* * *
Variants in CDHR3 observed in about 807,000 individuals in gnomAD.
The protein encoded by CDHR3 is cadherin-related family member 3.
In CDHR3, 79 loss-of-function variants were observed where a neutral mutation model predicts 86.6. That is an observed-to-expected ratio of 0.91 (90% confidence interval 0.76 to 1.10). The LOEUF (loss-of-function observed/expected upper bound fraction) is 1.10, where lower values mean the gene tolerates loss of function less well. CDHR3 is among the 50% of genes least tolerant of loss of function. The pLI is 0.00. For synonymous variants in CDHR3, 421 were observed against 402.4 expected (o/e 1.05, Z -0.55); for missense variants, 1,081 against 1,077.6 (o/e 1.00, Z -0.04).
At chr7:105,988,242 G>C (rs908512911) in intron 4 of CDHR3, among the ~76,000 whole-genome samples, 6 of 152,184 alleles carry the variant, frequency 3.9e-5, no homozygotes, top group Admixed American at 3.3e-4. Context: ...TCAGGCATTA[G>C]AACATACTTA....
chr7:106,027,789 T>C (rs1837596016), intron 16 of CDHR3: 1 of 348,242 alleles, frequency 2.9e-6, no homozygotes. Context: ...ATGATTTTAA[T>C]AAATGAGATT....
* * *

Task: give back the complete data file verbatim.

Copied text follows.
Variants in CDHR3 observed in about 807,000 individuals in gnomAD.
The protein encoded by CDHR3 is cadherin-related family member 3.
In CDHR3, 79 loss-of-function variants were observed where a neutral mutation model predicts 86.6. That is an observed-to-expected ratio of 0.91 (90% confidence interval 0.76 to 1.10). The LOEUF (loss-of-function observed/expected upper bound fraction) is 1.10, where lower values mean the gene tolerates loss of function less well. CDHR3 is among the 50% of genes least tolerant of loss of function. The pLI is 0.00. For synonymous variants in CDHR3, 421 were observed against 402.4 expected (o/e 1.05, Z -0.55); for missense variants, 1,081 against 1,077.6 (o/e 1.00, Z -0.04).
At chr7:105,988,242 G>C (rs908512911) in intron 4 of CDHR3, among the ~76,000 whole-genome samples, 6 of 152,184 alleles carry the variant, frequency 3.9e-5, no homozygotes, top group Admixed American at 3.3e-4. Context: ...TCAGGCATTA[G>C]AACATACTTA....
chr7:106,027,789 T>C (rs1837596016), intron 16 of CDHR3: 1 of 348,242 alleles, frequency 2.9e-6, no homozygotes. Context: ...ATGATTTTAA[T>C]AAATGAGATT....